Jacinda Ardern can thank Judith Collins' incisive political attack for reminding her of her biggest job: get on her game as Prime Minister.
The media-endorsed "mother of the nation" celebrification — which has been wall-to-wall since Ardern announced her pregnancy — could (if she is not mindful) undermine her impact as NZ's political leader.
Opposition politicians have since tip-toed around Ardern. They have not wanted to be seen to land blows on a young pregnant woman who happens to be enormously relatable and popular.
Most have played into the "generational change" meme without pointing out that the only reason we have a 37-year-old female Prime Minister is because a septuagenarian put her there.
But when Collins — some 20 years Ardern's senior — launched her campaign for National's leadership, she took a different approach by taking the fight directly to the Prime Minister.
It was refreshing.
After weeks of media coverage suggesting Ardern's pregnancy meant she was now a shoo-in to lead the Labour-NZ First coalition to win another term at the 2020 election, an Opposition politician had finally broken cover from their self-imposed PC straitjacket.
Others might have a problem taking on Ardern out of concern that they would look heavy-handed or be seen to pick on the young, pregnant woman.
But Collins said: "I have been pregnant running a law firm and studying as well. As a young mum I understand exactly how tough it is to do that. But she understands that too.
"That is not the role she's asked New Zealanders to support her for.
"She has asked them to make her and keep her as Prime Minister of New Zealand.
"And that is the role I would hold her to account for."
Collins' forthright attack has clearly resonated within the ninth floor of the Beehive.
It was notable that when Ardern addressed senior members of the Auckland business community at breakfast yesterday, she was completely on song in delivering a speech that set out the Government's focus for the next three years.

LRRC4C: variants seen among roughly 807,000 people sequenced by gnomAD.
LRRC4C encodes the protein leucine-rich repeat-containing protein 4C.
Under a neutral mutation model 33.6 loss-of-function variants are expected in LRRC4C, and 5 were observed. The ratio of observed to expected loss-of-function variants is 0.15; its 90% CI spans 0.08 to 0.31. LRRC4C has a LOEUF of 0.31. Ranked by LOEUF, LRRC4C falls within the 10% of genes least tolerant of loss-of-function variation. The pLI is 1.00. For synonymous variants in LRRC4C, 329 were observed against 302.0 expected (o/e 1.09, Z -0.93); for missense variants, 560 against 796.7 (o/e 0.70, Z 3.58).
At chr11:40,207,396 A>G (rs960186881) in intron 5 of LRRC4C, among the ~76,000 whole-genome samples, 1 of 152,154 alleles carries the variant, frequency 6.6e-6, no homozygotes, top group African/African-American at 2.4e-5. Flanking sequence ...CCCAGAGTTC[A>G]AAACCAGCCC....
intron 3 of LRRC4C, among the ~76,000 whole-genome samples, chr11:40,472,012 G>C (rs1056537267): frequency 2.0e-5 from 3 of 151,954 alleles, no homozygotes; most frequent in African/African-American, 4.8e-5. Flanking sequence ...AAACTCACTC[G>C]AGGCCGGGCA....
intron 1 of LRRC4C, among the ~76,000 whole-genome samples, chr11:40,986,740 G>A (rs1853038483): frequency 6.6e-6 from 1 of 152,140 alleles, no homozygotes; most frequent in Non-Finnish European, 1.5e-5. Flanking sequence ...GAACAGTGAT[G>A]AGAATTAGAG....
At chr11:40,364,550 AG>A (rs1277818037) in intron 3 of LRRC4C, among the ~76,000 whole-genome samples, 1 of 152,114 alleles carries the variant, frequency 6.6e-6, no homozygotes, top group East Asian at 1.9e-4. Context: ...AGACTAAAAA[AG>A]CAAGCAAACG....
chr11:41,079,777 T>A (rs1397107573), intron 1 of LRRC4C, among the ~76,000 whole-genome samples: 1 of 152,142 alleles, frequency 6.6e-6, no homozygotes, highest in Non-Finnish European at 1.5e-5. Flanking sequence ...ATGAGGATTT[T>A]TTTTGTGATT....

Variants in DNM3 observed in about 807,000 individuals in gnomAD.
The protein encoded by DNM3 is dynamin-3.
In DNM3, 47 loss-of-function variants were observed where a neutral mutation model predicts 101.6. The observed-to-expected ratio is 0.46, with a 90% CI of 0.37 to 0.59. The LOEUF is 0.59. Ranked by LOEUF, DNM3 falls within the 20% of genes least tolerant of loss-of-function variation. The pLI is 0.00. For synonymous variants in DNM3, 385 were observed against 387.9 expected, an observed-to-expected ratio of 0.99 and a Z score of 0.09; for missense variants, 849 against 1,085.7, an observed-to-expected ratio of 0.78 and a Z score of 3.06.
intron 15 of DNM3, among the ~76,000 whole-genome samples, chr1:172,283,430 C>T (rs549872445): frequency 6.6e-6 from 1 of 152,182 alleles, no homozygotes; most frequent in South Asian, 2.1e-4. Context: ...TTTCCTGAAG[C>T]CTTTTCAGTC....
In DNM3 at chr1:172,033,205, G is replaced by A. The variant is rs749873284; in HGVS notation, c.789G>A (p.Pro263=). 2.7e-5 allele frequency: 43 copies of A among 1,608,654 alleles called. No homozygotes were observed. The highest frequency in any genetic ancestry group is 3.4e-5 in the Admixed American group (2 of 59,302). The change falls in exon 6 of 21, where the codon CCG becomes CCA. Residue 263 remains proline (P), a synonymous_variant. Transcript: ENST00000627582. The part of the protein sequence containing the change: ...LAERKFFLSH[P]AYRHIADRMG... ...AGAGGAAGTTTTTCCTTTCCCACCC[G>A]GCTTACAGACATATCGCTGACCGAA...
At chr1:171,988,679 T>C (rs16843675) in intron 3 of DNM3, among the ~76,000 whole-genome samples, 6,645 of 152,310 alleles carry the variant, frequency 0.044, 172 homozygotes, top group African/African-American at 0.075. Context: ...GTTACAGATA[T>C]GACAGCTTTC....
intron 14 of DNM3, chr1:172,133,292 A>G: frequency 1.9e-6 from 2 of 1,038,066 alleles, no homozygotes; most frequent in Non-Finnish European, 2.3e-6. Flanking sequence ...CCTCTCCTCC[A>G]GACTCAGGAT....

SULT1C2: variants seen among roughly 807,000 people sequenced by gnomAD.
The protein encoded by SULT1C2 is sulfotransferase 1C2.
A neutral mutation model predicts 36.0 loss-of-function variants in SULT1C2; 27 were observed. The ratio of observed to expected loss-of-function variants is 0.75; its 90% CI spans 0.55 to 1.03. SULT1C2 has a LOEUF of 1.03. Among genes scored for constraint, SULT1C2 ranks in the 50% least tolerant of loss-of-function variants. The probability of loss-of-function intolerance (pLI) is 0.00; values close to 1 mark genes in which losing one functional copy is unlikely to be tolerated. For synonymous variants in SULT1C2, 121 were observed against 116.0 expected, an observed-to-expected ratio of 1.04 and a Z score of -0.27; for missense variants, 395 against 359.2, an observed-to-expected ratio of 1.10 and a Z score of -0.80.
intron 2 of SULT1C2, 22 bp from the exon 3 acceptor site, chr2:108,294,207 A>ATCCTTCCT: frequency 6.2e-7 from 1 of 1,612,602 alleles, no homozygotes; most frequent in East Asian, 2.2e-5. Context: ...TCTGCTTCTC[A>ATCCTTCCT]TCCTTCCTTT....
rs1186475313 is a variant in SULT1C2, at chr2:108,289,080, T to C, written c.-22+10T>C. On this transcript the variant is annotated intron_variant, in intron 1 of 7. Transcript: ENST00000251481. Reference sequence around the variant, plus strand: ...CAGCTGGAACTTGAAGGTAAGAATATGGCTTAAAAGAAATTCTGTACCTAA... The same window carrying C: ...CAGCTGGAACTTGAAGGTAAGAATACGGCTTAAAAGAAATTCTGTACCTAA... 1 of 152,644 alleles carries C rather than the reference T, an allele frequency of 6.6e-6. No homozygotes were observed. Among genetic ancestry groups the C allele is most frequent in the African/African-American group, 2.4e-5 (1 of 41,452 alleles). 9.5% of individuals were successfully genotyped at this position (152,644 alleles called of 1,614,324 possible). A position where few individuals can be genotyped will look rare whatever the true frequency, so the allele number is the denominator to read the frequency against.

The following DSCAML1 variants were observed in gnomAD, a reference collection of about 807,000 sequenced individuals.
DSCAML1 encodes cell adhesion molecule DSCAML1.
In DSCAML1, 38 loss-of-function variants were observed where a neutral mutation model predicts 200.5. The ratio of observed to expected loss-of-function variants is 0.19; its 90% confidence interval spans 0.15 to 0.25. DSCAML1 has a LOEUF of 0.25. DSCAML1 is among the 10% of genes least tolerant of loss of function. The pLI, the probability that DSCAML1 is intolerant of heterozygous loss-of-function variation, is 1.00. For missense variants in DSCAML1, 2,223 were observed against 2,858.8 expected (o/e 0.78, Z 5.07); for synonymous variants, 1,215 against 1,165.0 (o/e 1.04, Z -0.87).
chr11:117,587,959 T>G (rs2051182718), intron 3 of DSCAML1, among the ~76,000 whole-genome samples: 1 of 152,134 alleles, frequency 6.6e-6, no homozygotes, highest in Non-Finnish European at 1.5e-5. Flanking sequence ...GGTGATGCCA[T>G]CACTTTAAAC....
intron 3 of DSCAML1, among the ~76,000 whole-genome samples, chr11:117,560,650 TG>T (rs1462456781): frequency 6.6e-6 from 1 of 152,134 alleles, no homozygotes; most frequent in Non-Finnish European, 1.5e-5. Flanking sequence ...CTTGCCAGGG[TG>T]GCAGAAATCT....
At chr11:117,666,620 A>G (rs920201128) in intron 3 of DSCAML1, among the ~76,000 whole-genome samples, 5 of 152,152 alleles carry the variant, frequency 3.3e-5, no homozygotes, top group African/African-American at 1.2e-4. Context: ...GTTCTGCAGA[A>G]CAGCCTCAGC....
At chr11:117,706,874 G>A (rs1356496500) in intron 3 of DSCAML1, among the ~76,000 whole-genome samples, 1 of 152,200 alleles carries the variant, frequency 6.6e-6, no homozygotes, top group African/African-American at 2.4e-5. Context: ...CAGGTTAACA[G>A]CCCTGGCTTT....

She gave a polished and confident delivery.
The positions she staked out indicate that the Coalition plans major change in the way the economy is governed.
That is coupled with a commitment to maintain budgetary responsibility — subject to the usual caveat that the Government's intention to get debt down to 20 per cent of GDP over time is also subject to the economy not being knocked by more major earthquakes or a disaster like the global financial crisis.
She positioned New Zealand as having the opportunity to brand itself in the climate change space. There are issues about just how that exciting aim will be implemented. But Labour — which she admitted was not prepared to be in Government — has time to work that out.
Importantly, Ardern issued an invitation to business leaders to put their hands up and join her in an informal group to work alongside her on delivering on her goals.
Some already have.
Notably, there was no mention of her pregnancy. Nor were there any jokes about Clarke Gayford — the upcoming stay-at-home dad. Her Vogue cover was not mentioned (apart from a closing comment by Westpac chief executive David McLean that some of his staff were lining up for selfies with the PM who had been in Vogue).
This shift in key enabled the business community to focus on what the Prime Minister had to say.
It was an important speech that conveyed important messages. It did not warrant being buried by distraction — nor was it.
John Key's prime ministership ultimately became tarred by one too many celebrity pratfalls, which ended with him being mercilessly and repeatedly lampooned on The Late Show. But he had already cemented himself as a serious player during his leadership through the GFC.
Ardern — still establishing her prime ministerial platform — must get runs on the board while maintaining her relentlessly positive approach.
It is a balance.
Ardern's positioning as Prime Minister is at times also undermined by a media fascination which borders on being fatuous.
This was embarrassingly obvious last weekend, when Julie Bishop was questioned about the shoes that Ardern wore when she popped in on a dinner that Winston Peters hosted at his home for the visiting Australian Foreign Minister.
"Seriously?" asked Bishop.
If Ardern is to deliver on the international cachet she has already achieved as a young, progressive political leader, she should ensure her international positioning — including with Australia — stays within a prime ministerial brand.
The truth is that Collins captured a growing sentiment — that it is time for the Prime Minister to ease back on celebrification and get down to business.
This she did ably yesterday.
Collins does not quite have @DonaldTrump's cut-through in the twitterverse.
But her Thursday tweet — "No more PC virtue signalling needed. #Stronganddecisive" — had the necessary impact.
Amy Adams or Simon Bridges — Collins' two main contenders for the National leadership — have yet to achieve the same.